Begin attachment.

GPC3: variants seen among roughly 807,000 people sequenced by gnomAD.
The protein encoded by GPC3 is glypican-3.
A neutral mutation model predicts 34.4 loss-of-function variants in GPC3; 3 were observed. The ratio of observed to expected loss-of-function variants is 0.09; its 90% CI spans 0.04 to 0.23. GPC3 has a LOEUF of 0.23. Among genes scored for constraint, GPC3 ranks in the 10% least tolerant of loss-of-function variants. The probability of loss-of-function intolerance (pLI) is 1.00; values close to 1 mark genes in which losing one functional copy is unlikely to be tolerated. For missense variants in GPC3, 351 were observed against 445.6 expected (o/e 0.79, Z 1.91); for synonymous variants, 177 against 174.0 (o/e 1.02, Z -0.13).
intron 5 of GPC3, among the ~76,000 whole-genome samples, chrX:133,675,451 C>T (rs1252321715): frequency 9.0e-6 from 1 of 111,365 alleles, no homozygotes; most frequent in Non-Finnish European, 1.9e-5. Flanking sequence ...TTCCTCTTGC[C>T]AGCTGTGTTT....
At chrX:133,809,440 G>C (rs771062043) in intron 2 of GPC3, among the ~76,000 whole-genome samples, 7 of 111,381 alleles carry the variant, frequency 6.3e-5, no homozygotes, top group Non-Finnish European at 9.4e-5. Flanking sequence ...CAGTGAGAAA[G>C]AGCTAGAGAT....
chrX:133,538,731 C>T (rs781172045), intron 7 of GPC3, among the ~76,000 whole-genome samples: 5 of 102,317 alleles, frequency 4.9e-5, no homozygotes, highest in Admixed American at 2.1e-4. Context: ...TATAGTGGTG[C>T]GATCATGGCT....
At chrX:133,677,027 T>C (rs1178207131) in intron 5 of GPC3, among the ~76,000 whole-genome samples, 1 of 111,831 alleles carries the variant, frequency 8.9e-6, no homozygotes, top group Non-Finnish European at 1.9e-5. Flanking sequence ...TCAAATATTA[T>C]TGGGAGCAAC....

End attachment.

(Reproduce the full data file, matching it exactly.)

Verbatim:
GPC3: variants seen among roughly 807,000 people sequenced by gnomAD.
The protein encoded by GPC3 is glypican-3.
A neutral mutation model predicts 34.4 loss-of-function variants in GPC3; 3 were observed. The ratio of observed to expected loss-of-function variants is 0.09; its 90% CI spans 0.04 to 0.23. GPC3 has a LOEUF of 0.23. Among genes scored for constraint, GPC3 ranks in the 10% least tolerant of loss-of-function variants. The probability of loss-of-function intolerance (pLI) is 1.00; values close to 1 mark genes in which losing one functional copy is unlikely to be tolerated. For missense variants in GPC3, 351 were observed against 445.6 expected (o/e 0.79, Z 1.91); for synonymous variants, 177 against 174.0 (o/e 1.02, Z -0.13).
intron 5 of GPC3, among the ~76,000 whole-genome samples, chrX:133,675,451 C>T (rs1252321715): frequency 9.0e-6 from 1 of 111,365 alleles, no homozygotes; most frequent in Non-Finnish European, 1.9e-5. Flanking sequence ...TTCCTCTTGC[C>T]AGCTGTGTTT....
At chrX:133,809,440 G>C (rs771062043) in intron 2 of GPC3, among the ~76,000 whole-genome samples, 7 of 111,381 alleles carry the variant, frequency 6.3e-5, no homozygotes, top group Non-Finnish European at 9.4e-5. Flanking sequence ...CAGTGAGAAA[G>C]AGCTAGAGAT....
chrX:133,538,731 C>T (rs781172045), intron 7 of GPC3, among the ~76,000 whole-genome samples: 5 of 102,317 alleles, frequency 4.9e-5, no homozygotes, highest in Admixed American at 2.1e-4. Context: ...TATAGTGGTG[C>T]GATCATGGCT....
At chrX:133,677,027 T>C (rs1178207131) in intron 5 of GPC3, among the ~76,000 whole-genome samples, 1 of 111,831 alleles carries the variant, frequency 8.9e-6, no homozygotes, top group Non-Finnish European at 1.9e-5. Flanking sequence ...TCAAATATTA[T>C]TGGGAGCAAC....